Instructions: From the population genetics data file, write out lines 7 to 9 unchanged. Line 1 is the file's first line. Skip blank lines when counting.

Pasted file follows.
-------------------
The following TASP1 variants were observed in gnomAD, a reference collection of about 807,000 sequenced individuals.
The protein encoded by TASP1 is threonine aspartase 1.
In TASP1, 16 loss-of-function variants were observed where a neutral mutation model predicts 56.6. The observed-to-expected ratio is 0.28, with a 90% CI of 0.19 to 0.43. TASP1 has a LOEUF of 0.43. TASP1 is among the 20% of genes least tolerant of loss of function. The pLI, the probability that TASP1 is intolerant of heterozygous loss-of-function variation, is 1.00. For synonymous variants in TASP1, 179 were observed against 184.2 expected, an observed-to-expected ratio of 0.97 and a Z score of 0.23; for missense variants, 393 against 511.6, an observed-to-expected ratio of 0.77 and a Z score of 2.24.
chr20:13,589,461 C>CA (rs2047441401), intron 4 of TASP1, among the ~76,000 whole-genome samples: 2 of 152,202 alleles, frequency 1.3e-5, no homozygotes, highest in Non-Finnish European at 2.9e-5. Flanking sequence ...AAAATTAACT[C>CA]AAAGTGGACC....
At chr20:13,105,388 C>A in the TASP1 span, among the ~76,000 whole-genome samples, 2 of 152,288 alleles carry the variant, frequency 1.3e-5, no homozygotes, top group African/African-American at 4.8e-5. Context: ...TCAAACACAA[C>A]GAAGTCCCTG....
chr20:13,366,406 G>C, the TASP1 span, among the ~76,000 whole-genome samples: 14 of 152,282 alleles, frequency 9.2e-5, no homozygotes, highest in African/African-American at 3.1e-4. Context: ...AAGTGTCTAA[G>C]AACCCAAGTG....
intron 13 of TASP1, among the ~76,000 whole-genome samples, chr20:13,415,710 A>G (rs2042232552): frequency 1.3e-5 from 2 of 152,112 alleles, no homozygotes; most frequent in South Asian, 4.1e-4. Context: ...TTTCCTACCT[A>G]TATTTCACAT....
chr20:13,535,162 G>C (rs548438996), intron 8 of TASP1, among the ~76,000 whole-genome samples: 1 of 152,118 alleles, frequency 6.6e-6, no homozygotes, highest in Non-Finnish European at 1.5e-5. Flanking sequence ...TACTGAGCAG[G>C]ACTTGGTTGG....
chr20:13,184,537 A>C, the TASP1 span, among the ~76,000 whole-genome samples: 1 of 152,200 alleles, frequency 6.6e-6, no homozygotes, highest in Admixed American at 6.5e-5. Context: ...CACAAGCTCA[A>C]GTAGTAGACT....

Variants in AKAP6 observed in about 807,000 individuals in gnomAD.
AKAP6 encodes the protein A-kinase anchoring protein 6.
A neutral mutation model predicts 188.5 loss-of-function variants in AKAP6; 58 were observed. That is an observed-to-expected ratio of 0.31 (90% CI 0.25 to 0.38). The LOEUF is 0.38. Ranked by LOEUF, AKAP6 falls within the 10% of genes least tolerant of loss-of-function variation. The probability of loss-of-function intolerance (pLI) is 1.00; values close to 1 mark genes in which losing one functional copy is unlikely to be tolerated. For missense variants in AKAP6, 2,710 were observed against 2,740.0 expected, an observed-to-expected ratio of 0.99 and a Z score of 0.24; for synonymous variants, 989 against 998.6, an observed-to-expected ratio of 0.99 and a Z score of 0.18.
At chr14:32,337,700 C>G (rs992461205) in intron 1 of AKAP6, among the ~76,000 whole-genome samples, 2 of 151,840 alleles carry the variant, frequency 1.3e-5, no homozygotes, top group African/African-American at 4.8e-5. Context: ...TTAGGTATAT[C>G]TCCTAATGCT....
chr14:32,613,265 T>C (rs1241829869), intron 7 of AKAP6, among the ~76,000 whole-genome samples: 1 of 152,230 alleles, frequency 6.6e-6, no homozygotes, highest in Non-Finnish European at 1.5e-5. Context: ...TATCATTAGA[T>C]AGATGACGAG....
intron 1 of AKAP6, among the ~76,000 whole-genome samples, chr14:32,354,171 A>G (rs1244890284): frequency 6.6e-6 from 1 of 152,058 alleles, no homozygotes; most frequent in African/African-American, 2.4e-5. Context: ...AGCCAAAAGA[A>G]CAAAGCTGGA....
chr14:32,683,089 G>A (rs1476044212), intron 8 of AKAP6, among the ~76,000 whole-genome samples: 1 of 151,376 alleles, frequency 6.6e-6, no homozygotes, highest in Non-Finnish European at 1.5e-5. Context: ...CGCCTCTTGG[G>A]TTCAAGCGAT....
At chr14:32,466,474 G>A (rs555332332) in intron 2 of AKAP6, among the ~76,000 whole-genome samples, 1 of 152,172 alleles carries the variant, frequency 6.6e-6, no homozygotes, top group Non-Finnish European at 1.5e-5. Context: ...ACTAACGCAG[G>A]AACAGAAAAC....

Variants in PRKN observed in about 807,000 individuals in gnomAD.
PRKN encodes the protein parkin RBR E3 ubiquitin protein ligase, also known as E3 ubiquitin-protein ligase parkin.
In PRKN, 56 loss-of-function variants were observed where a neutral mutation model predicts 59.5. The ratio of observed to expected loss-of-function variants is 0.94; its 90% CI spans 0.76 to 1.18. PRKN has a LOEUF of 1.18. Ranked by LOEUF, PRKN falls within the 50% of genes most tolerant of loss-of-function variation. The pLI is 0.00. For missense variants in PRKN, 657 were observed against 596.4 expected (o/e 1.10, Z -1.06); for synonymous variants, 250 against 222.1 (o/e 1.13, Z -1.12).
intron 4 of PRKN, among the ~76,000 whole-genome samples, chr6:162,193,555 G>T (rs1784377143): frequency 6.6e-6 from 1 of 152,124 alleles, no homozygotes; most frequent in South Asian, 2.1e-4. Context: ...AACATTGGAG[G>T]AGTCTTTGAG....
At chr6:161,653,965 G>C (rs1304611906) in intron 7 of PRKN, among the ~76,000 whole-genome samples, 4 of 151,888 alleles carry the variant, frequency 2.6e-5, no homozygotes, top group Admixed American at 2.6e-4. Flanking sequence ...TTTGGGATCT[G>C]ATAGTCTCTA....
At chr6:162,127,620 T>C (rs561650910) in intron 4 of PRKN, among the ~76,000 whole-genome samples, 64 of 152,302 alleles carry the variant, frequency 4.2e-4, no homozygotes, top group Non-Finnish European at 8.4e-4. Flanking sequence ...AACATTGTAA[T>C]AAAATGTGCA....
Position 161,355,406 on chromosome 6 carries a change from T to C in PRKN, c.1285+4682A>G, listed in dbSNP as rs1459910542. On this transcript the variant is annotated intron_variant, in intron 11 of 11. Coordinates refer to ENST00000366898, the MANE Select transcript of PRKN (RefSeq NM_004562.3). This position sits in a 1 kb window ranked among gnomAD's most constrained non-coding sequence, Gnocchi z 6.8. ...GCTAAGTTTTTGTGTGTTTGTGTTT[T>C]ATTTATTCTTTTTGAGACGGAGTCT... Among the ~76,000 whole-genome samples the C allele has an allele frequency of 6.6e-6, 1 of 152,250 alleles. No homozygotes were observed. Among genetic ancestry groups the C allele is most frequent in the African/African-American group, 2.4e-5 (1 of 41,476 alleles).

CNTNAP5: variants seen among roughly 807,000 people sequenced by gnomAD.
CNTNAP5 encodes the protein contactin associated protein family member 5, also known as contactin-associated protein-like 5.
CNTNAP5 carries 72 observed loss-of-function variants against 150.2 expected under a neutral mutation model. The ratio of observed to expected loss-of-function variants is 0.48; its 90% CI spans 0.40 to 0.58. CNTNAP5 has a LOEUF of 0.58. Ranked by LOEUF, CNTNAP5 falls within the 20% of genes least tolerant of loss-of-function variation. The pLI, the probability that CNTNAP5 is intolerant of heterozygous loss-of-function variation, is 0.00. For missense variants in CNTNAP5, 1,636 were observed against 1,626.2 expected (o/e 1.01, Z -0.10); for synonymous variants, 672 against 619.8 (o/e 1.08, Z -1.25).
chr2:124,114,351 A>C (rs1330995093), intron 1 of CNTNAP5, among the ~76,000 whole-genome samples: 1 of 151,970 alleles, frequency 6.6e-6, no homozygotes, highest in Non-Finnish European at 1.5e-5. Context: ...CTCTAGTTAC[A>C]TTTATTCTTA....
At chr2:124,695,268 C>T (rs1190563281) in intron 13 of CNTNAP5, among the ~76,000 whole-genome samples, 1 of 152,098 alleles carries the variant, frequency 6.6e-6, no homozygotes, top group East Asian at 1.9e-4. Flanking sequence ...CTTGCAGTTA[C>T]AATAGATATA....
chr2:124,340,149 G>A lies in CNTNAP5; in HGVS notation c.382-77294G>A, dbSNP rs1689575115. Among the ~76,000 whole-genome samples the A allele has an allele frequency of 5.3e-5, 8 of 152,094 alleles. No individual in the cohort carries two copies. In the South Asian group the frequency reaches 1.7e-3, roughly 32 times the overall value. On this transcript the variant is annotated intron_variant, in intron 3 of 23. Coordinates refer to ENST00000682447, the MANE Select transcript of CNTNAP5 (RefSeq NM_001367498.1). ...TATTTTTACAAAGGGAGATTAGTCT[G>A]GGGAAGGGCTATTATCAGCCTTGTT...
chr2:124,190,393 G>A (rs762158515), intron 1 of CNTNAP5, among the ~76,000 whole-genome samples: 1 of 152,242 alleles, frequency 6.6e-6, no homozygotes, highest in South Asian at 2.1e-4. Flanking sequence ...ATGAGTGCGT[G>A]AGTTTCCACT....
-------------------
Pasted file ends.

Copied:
intron 13 of TASP1, among the ~76,000 whole-genome samples, chr20:13,415,710 A>G (rs2042232552): frequency 1.3e-5 from 2 of 152,112 alleles, no homozygotes; most frequent in South Asian, 4.1e-4. Context: ...TTTCCTACCT[A>G]TATTTCACAT....
chr20:13,535,162 G>C (rs548438996), intron 8 of TASP1, among the ~76,000 whole-genome samples: 1 of 152,118 alleles, frequency 6.6e-6, no homozygotes, highest in Non-Finnish European at 1.5e-5. Flanking sequence ...TACTGAGCAG[G>C]ACTTGGTTGG....
chr20:13,184,537 A>C, the TASP1 span, among the ~76,000 whole-genome samples: 1 of 152,200 alleles, frequency 6.6e-6, no homozygotes, highest in Admixed American at 6.5e-5. Context: ...CACAAGCTCA[A>C]GTAGTAGACT....